By Jon Hyman
Sep. 3, 2015
Yahoo CEO Marissa Mayer is in the news.
In one breath, she announced that she is expecting twins, but will not be availing herself of her company’s generous maternity leave policy. Yahoo offers all new parents eights weeks of paid time off, and new moms an additional eight weeks.
Mayer says that she will take “limited” time off and work throughout her short leave of absence. After the birth of her son in 2012, Mayer returned to work in less than two weeks.
The New York Times quotes Joan Williams, director of the Center for WorkLife Law at the University of California, Hastings, who believes that a company’s actions are more important that its written policies: “The underlying work culture sends the message that if you’re really committed, you’re here all the time.” I could not agree more.
Policies are great tools for employee engagement, recruitment, and retention — if a company follows them. When a CEO spurns her company’s generous parental leave policy, she sends this message to all of her employees: “Our policies do not reflect our culture; my actions reflect our culture. When you have a child, do as I do, not as I say.” So much for generous and consequence-free time-off.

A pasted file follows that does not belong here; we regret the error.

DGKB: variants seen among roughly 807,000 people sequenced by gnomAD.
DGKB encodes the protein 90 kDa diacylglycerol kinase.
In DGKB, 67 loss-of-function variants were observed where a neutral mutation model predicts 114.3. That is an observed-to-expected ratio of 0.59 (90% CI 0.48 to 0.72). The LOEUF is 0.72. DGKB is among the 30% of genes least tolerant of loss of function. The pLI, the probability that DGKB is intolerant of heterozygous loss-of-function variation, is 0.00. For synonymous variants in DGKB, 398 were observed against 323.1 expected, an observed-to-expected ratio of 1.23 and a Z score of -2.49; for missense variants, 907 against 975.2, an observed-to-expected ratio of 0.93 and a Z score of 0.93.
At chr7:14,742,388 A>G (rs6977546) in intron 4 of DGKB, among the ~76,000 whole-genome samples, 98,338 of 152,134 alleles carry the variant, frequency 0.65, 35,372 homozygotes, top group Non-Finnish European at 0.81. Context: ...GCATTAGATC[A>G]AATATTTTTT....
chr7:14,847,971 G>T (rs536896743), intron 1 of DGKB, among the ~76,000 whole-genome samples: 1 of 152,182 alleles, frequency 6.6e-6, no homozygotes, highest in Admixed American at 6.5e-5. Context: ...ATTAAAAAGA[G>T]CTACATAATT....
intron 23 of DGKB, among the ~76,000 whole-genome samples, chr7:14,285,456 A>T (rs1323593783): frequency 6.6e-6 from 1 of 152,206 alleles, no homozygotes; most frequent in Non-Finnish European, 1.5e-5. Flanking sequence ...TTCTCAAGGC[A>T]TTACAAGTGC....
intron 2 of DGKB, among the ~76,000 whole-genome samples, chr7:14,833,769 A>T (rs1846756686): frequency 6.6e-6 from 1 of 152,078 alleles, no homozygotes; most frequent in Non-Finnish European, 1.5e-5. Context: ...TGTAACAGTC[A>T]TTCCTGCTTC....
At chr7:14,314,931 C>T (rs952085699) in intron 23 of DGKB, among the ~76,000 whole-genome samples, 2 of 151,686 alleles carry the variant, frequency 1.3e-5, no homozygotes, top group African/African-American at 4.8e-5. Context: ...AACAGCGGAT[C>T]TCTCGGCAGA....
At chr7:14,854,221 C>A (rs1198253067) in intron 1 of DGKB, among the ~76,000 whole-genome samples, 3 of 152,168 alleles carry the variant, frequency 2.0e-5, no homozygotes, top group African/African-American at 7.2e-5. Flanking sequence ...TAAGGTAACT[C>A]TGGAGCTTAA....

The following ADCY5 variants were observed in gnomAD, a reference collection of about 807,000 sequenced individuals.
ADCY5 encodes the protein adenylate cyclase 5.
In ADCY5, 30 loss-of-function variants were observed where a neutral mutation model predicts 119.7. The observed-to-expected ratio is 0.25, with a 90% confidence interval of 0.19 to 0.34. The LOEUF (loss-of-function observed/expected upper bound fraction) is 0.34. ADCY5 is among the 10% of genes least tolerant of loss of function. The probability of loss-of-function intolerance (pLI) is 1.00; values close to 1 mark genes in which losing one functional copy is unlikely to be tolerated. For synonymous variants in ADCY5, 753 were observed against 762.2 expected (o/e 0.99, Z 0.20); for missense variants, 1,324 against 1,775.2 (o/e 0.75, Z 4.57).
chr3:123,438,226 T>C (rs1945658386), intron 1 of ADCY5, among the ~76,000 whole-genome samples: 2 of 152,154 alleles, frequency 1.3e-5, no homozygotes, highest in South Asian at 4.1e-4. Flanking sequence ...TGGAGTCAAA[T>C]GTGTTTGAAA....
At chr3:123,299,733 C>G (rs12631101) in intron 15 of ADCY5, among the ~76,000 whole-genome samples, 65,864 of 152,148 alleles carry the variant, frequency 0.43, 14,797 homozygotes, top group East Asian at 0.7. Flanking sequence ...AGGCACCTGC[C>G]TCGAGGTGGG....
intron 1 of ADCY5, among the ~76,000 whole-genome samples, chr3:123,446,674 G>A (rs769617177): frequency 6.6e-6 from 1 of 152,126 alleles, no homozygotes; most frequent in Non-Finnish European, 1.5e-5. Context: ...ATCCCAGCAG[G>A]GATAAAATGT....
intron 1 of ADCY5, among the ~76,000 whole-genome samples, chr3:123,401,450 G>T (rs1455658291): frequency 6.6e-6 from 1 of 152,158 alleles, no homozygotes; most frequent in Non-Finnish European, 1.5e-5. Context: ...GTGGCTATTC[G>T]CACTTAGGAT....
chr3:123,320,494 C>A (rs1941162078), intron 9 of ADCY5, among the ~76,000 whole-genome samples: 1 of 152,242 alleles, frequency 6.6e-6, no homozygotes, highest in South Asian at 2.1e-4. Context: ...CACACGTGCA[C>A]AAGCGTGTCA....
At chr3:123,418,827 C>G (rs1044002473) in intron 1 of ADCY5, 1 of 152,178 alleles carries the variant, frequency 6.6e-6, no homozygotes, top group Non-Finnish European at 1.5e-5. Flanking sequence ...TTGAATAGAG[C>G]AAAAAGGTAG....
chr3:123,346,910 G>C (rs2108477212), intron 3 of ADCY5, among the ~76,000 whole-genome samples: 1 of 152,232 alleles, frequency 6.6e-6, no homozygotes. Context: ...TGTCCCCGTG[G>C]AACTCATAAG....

Companies need to be very careful not to send these mixed messages. It might be a leave-of-absence policy (as in Yahoo’s case), or it might be a manager that tells employees they must use vacation time for kids’ doctors appointment or school events, but comes and goes as he pleases without regard. These mixes messages are morale killers.
More importantly, these mixed messages teach employees that your written policies cannot be trusted. This message of distrust is one that you cannot afford to send, especially with policies that have real legal significance, like your anti-harassment policy. If your employees disregard your policies as corporate lip-service, why have them at all?
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